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Posted: November 28, 2011

Measure twice, cut once

Craftmanship and strategy

Todd Ordal

My brother is in management at a large financial firm but is as good at construction as any contractor. Whether it's a deck, a finished basement or a sauna, he builds it perfectly. Likewise, my friend, John - an engineer - is a great woodworker. He builds grandfather clocks that Angela Merkel would be pleased to have in her foyer. If either of them built violins, Stradivarius would be in trouble. They're true craftsmen, blending art and science into great finished products.

The term craftsmanship is less used today than in the past, but it's well-suited for developing business strategy. The process of designing and building a grandfather clock and crafting strategy for a business have four striking similarities:

1. The Right Tools: A craftsman wouldn't start a project without the right tools, the right people and a process. Crafting strategy has requirements as well. Put 10 brilliant people in a room without a methodology and tell them to come back with a strategy and you'll rarely get good results.

2. Slow Down: Speed is the enemy of quality in this case. In our ADD world, CEOs sometimes think they can craft strategy in 30-second bursts between phone calls, tweets and e-mails. In crafting strategy, it's important to disagree, debate the future and search for answers to hard questions. The likelihood of crafting a winning strategy and a plan for execution in a one-day off-site is akin to remodeling your house between dinner and the 10 o'clock news.

3. Measure Twice, Cut Once: Crafting strategy and building a grandfather clock both require planning and execution. My woodworker friend would never just start cutting boards willy-nilly to see what he ended up with, but business leaders do. It's as if they say, I'll just keep randomly cutting and gluing wood until something materializes. Likewise, a master craftsman knows that great plans executed with a dull saw won't produce quality. Planning and execution are of equal importance.

4. Build a Different House: If you use someone else's plans to build a house, yours will look just like theirs. Same result with strategy. Crafting strategy is about being different from your competitors.

One reason people don't use the word craftsmanship as frequently today is that automation has allowed for high quality without the need for human hands. Craftsmen were often woodworkers, metalworkers, jewelry makers and artists. Extrusion molding, lasers, plastic and robotic equipment have reduced the need for craftsmen in those areas. However, I have yet to see the machine that will replace an inquisitive CEO and his management team in devising a series of actions to build a sustainable advantage over their competitors.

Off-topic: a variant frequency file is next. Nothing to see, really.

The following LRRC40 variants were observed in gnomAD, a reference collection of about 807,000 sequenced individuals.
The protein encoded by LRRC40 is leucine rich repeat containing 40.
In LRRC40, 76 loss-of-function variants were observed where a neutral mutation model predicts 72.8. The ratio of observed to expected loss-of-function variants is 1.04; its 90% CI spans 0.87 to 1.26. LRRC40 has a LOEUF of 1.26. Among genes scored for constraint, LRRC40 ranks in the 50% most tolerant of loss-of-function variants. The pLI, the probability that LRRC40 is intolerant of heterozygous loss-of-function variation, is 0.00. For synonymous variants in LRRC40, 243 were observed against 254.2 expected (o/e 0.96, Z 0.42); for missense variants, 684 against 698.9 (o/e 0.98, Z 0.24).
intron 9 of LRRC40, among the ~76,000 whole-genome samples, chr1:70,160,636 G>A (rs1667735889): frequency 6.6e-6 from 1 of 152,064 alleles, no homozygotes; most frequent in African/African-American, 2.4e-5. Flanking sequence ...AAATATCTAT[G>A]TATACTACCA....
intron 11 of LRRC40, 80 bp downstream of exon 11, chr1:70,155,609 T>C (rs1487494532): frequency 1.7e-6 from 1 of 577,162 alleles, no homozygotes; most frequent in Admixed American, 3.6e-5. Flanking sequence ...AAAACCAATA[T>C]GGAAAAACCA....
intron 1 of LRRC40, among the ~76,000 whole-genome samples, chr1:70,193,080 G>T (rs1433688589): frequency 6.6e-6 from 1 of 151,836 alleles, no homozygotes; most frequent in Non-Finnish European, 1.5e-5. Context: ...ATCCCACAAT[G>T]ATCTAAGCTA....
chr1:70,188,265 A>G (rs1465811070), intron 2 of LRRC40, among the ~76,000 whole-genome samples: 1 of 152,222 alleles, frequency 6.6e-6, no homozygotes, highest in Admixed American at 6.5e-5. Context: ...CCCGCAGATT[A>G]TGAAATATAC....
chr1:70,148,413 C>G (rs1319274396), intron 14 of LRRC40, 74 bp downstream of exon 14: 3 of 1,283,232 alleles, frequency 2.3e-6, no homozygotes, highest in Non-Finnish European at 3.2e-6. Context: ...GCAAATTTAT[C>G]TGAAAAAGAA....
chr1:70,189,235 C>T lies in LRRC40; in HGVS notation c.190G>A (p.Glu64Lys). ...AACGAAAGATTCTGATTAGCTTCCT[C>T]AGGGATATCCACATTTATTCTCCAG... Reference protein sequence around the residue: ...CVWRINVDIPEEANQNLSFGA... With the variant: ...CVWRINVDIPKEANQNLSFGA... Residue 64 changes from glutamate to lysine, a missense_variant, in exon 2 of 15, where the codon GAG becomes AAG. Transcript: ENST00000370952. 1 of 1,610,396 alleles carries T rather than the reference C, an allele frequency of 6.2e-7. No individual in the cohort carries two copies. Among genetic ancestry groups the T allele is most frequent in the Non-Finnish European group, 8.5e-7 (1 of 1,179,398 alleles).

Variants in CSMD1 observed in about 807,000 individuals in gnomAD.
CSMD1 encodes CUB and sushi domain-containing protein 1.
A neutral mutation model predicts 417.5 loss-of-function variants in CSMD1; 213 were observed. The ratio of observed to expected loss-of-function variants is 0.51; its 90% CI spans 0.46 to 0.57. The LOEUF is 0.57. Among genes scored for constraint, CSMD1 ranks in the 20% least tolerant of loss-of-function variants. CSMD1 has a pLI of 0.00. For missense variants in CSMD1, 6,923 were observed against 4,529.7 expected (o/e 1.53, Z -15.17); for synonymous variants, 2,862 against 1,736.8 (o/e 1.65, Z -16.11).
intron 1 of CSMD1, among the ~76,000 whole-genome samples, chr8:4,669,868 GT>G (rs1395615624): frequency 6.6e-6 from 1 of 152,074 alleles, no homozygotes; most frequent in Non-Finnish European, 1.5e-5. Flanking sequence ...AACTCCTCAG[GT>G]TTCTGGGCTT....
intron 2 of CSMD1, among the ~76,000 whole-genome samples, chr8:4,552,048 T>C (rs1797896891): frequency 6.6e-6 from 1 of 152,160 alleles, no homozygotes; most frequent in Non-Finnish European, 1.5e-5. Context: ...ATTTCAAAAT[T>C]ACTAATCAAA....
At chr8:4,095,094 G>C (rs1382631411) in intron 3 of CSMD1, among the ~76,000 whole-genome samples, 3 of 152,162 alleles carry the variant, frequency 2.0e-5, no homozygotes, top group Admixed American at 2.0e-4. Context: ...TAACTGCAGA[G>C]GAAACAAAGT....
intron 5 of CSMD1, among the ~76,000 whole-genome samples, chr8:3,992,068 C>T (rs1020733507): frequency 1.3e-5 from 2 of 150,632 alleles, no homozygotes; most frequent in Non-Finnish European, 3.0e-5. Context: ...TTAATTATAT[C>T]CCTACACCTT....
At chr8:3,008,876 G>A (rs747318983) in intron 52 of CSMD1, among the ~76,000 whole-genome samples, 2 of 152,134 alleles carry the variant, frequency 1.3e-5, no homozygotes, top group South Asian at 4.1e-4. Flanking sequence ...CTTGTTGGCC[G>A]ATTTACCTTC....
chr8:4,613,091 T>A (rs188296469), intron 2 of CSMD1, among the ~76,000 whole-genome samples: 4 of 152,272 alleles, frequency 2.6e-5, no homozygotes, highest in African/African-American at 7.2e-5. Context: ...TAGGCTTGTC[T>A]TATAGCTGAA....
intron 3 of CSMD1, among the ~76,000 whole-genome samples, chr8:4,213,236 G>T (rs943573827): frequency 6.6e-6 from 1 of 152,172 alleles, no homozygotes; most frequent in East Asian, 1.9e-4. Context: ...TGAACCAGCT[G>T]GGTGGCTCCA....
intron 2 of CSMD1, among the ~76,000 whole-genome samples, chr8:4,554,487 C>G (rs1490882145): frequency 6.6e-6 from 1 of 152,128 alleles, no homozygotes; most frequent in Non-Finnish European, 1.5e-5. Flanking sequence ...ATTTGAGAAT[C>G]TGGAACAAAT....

That requires craftsmanship.

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Todd Ordal is President of Applied Strategy LLC. Todd helps CEOs achieve better financial results, become more effective leaders and sleep easier at night. He speaks, writes, consults and advises on issues of strategy and leadership. Todd is a former CEO and has led teams as large as 7,000. Follow Todd on Twitter here. You can also find Todd at http://www.appliedstrategy.info,  303-527-0417 or todd@appliedstrategy.info

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Readers Respond

Good thoughts, Todd, as usual. The building metaphor is one I use often in doing information systems work. By Thomas H Holmes, CMC, CPIM on 2011 12 11
I want to thank Todd for his insight. Unfortunately, I think he underdeveloped a good concept. Sometimes brief isn't better. In this case he left some good points out of the article and didn't provide enough meat. Here are some additional thoughts. The Right Tools: It's about building the right team, understanding their strengths, and utilizing those strengths for the greater good. Who do you have on your team that has an eye on the future, understands the business, and is a critical thinker. Who has the leadership skills to bring your team to develop a great strategy. Slow Down: Yes, you need to take the time to develop a good strategy, but too often I have seen companies, both small and corporate, spend all their time in analysis. A lot can be completed in a one-day off-site meeting with the right mix of individuals and a clear agenda. You may not finish, but you will at least develop an outline of a strategy and prioritize the importance of each element. Measure twice, cut once: I was unclear how this fit with a strategy session. Cutting jobs, people, budgets, and a miriad of other things corporations cut do not seem conducive to a strategy session. It would in fact be the result of a strategy! Build a different house: I disagree with this definition. When analyzing your competitors, you are looking for opportunities for you business. It will not be a different house, but a modified one that meets some niche in the market that your competitors are not addressing. It doesn't have to be different, just better. I love reading the articles that stimulate thought. Thank you! By Louise Walsh on 2011 11 28

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